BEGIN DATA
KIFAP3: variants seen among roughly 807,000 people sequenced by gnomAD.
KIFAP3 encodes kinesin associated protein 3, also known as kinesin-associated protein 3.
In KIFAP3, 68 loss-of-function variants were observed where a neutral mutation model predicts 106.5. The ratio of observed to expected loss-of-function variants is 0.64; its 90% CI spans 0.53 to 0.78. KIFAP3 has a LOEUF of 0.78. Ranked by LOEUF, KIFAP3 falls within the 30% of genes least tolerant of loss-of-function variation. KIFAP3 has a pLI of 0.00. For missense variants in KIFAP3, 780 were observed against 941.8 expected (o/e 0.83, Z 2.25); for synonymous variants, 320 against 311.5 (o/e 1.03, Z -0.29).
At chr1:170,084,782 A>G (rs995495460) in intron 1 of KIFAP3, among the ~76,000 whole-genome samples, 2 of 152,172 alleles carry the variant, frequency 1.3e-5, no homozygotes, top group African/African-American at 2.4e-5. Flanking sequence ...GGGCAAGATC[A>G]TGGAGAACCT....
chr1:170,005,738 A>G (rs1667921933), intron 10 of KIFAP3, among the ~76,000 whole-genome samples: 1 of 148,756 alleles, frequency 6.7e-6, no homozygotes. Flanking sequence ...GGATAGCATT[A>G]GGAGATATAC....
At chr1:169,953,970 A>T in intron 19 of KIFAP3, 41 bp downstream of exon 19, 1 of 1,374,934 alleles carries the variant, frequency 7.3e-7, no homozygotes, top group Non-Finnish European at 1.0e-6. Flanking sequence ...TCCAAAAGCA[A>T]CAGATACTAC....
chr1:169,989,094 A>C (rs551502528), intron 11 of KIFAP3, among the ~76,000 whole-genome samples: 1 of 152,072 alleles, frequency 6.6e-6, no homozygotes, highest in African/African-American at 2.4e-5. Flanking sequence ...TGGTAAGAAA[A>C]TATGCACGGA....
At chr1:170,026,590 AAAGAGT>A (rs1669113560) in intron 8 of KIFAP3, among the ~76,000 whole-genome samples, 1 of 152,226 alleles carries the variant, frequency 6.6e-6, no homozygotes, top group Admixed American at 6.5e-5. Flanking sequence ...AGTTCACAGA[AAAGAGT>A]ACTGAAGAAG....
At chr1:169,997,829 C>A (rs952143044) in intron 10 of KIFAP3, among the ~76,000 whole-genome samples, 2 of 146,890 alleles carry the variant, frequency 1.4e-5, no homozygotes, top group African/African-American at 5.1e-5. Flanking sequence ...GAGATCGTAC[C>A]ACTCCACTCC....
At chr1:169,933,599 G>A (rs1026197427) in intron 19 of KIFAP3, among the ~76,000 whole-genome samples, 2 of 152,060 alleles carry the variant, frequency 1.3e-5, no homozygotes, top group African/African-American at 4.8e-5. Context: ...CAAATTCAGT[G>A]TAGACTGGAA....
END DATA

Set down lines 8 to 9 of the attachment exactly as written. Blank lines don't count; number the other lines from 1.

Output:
At chr1:170,026,590 AAAGAGT>A (rs1669113560) in intron 8 of KIFAP3, among the ~76,000 whole-genome samples, 1 of 152,226 alleles carries the variant, frequency 6.6e-6, no homozygotes, top group Admixed American at 6.5e-5. Flanking sequence ...AGTTCACAGA[AAAGAGT>A]ACTGAAGAAG....
At chr1:169,997,829 C>A (rs952143044) in intron 10 of KIFAP3, among the ~76,000 whole-genome samples, 2 of 146,890 alleles carry the variant, frequency 1.4e-5, no homozygotes, top group African/African-American at 5.1e-5. Flanking sequence ...GAGATCGTAC[C>A]ACTCCACTCC....